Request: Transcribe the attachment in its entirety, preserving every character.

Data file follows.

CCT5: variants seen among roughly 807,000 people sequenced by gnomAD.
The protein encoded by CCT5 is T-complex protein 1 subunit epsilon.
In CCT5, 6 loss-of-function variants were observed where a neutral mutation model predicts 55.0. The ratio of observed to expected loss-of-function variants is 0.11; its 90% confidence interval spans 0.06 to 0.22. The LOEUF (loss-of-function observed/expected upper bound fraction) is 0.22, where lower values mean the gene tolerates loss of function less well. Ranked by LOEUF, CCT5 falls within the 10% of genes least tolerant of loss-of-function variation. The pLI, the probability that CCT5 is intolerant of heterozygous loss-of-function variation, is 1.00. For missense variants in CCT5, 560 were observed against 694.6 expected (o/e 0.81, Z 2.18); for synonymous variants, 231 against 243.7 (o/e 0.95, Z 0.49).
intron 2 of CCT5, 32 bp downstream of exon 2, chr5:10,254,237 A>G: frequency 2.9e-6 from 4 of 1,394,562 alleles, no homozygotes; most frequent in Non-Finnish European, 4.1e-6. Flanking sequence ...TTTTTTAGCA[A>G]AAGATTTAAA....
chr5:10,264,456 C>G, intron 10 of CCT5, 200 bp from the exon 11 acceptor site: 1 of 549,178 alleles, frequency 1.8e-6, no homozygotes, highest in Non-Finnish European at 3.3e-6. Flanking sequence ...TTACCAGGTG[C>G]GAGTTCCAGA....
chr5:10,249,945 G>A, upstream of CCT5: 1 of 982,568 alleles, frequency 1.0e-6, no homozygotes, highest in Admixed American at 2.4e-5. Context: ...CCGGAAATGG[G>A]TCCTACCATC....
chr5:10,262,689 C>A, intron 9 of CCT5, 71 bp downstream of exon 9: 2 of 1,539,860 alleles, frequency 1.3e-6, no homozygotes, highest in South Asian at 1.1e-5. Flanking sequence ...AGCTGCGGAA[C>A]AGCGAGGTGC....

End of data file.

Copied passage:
CCT5: variants seen among roughly 807,000 people sequenced by gnomAD.
The protein encoded by CCT5 is T-complex protein 1 subunit epsilon.
In CCT5, 6 loss-of-function variants were observed where a neutral mutation model predicts 55.0. The ratio of observed to expected loss-of-function variants is 0.11; its 90% confidence interval spans 0.06 to 0.22. The LOEUF (loss-of-function observed/expected upper bound fraction) is 0.22, where lower values mean the gene tolerates loss of function less well. Ranked by LOEUF, CCT5 falls within the 10% of genes least tolerant of loss-of-function variation. The pLI, the probability that CCT5 is intolerant of heterozygous loss-of-function variation, is 1.00. For missense variants in CCT5, 560 were observed against 694.6 expected (o/e 0.81, Z 2.18); for synonymous variants, 231 against 243.7 (o/e 0.95, Z 0.49).
intron 2 of CCT5, 32 bp downstream of exon 2, chr5:10,254,237 A>G: frequency 2.9e-6 from 4 of 1,394,562 alleles, no homozygotes; most frequent in Non-Finnish European, 4.1e-6. Flanking sequence ...TTTTTTAGCA[A>G]AAGATTTAAA....
chr5:10,264,456 C>G, intron 10 of CCT5, 200 bp from the exon 11 acceptor site: 1 of 549,178 alleles, frequency 1.8e-6, no homozygotes, highest in Non-Finnish European at 3.3e-6. Flanking sequence ...TTACCAGGTG[C>G]GAGTTCCAGA....
chr5:10,249,945 G>A, upstream of CCT5: 1 of 982,568 alleles, frequency 1.0e-6, no homozygotes, highest in Admixed American at 2.4e-5. Context: ...CCGGAAATGG[G>A]TCCTACCATC....
chr5:10,262,689 C>A, intron 9 of CCT5, 71 bp downstream of exon 9: 2 of 1,539,860 alleles, frequency 1.3e-6, no homozygotes, highest in South Asian at 1.1e-5. Flanking sequence ...AGCTGCGGAA[C>A]AGCGAGGTGC....